China’s Export and Import Growth Slows
China's import and export growth slowed in February. I believe two conditions impacted the slowdown - the Lunar New Year and tighter monetary policy.
The growth slowdown is consistent with recent market price action which I have identified as downsizing from "overweight" to "market weight." Select resources are in the midst of a much needed correction. Take a look at this week's price action in copper, coal, steel, and grains:
- Copper prices have pulled back over 7% this week
- Wheat is down over 8% this week, corn 4%, and soybeans 5%
- KOL (Coal ETF) has declined 2% this week
- Steel prices are down 3% this week
Let's review the data reported Thursday, March 10, 2011:
China's Export and Import Data
- Exports grew at the slowest rate, 2.4% year-on-year, since 2009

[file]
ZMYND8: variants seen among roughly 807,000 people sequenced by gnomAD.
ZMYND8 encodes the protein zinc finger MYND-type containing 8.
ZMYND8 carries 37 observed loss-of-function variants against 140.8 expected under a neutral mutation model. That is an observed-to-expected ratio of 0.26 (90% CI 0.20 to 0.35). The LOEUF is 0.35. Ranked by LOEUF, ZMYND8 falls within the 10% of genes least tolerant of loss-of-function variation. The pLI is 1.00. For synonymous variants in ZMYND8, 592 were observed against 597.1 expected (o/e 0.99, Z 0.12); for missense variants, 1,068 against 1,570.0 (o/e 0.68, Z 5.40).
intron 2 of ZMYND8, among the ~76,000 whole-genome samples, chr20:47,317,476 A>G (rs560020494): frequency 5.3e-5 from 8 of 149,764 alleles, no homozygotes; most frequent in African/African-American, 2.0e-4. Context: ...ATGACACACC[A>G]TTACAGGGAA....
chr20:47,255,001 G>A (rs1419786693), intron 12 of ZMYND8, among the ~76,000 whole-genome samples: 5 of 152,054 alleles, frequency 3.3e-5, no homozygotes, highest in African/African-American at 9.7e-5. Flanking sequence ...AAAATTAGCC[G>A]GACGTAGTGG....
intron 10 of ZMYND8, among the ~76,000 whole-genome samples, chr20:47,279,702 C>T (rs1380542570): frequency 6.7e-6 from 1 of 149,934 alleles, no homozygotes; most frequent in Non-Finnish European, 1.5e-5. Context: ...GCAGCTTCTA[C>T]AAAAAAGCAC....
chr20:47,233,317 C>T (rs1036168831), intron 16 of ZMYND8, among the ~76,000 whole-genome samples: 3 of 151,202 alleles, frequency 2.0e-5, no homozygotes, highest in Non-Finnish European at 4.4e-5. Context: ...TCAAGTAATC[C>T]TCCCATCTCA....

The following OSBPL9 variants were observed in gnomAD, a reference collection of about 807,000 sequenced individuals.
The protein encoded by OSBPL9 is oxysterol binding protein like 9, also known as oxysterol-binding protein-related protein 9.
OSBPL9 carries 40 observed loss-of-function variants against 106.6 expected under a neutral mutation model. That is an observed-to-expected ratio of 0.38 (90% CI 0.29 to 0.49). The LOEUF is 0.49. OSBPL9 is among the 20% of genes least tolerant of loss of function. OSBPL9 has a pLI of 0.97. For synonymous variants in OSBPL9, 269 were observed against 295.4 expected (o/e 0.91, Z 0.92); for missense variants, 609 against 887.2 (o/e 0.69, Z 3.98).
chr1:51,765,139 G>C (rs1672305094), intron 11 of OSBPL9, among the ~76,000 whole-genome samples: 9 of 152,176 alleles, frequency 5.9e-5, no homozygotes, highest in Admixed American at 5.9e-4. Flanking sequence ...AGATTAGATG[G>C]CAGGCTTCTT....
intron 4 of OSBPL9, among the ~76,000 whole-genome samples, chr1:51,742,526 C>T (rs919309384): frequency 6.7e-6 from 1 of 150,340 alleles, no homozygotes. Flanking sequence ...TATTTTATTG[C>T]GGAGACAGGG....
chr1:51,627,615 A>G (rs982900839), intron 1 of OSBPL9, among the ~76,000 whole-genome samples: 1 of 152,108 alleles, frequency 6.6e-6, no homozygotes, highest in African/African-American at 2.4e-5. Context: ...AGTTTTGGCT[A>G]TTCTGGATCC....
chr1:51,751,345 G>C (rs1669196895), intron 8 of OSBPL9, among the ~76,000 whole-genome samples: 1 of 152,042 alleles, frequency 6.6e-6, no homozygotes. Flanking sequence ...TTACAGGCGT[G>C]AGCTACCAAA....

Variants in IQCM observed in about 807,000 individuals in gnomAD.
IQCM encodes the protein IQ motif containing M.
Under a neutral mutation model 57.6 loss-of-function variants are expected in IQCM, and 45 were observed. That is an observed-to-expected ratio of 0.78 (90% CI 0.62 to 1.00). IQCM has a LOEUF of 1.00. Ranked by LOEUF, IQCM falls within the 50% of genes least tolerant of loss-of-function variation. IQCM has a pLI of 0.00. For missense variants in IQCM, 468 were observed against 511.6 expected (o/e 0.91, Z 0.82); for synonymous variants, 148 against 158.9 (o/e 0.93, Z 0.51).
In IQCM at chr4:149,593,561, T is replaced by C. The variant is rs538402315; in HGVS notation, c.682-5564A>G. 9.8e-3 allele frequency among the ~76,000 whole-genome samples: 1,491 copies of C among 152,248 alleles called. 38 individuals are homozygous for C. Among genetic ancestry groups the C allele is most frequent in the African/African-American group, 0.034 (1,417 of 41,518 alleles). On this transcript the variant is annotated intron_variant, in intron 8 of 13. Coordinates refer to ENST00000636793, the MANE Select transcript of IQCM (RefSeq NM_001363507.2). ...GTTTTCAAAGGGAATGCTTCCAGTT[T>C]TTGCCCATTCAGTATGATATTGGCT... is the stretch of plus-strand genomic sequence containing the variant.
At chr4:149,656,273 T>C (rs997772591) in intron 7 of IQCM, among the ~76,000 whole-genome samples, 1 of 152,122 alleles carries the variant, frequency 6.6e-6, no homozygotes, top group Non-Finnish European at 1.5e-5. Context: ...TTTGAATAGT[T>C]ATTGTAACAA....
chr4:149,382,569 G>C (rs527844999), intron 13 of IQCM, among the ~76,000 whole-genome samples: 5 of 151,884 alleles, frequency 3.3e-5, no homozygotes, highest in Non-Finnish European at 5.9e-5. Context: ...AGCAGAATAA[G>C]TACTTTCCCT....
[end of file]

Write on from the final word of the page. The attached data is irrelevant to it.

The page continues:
- A trade deficit was unexpectedly reported at $7.3 billion; the prior month a $6.5 billion surplus was reported
- Imports grew 19.4% year-on-year, below consensus growth estimates of +33% and January's reported +51% growth
- For purposes of smoothing out the Lunar New Year effect, January and February combined equals a net deficit of $890 million versus last year's Jan/Feb $22 billion surplus
In 2010, China reported a trade deficit in only one month, March, which was impacted by the Lunar New Year. The near-term risk is that this data will "give cover" to Chinese policy makers to slow the recent appreciation of the yuan. Its appreciation of over 3% in the last six months has been a favorable condition for risk assets.
Standby. Next month's report, to be released somewhere around April 10, might be one of the most important in many years.